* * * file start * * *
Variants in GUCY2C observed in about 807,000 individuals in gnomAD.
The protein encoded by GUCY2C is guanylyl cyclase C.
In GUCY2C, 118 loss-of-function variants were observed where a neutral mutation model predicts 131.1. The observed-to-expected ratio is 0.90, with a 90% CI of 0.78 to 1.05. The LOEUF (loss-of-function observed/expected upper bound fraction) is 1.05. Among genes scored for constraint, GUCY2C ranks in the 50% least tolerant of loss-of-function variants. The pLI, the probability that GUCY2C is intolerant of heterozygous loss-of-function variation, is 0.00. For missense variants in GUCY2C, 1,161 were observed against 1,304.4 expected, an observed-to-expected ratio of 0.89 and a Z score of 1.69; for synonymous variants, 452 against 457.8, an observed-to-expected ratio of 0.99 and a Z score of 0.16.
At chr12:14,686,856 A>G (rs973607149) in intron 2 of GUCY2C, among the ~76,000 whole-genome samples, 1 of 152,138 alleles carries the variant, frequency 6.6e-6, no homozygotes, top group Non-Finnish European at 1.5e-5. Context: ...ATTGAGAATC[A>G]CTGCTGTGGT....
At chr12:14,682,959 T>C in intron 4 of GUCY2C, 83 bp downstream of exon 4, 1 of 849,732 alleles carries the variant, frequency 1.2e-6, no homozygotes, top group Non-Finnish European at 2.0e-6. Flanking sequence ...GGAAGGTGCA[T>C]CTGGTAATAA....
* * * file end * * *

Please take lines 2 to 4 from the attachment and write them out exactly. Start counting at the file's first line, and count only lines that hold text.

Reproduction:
The protein encoded by GUCY2C is guanylyl cyclase C.
In GUCY2C, 118 loss-of-function variants were observed where a neutral mutation model predicts 131.1. The observed-to-expected ratio is 0.90, with a 90% CI of 0.78 to 1.05. The LOEUF (loss-of-function observed/expected upper bound fraction) is 1.05. Among genes scored for constraint, GUCY2C ranks in the 50% least tolerant of loss-of-function variants. The pLI, the probability that GUCY2C is intolerant of heterozygous loss-of-function variation, is 0.00. For missense variants in GUCY2C, 1,161 were observed against 1,304.4 expected, an observed-to-expected ratio of 0.89 and a Z score of 1.69; for synonymous variants, 452 against 457.8, an observed-to-expected ratio of 0.99 and a Z score of 0.16.
At chr12:14,686,856 A>G (rs973607149) in intron 2 of GUCY2C, among the ~76,000 whole-genome samples, 1 of 152,138 alleles carries the variant, frequency 6.6e-6, no homozygotes, top group Non-Finnish European at 1.5e-5. Context: ...ATTGAGAATC[A>G]CTGCTGTGGT....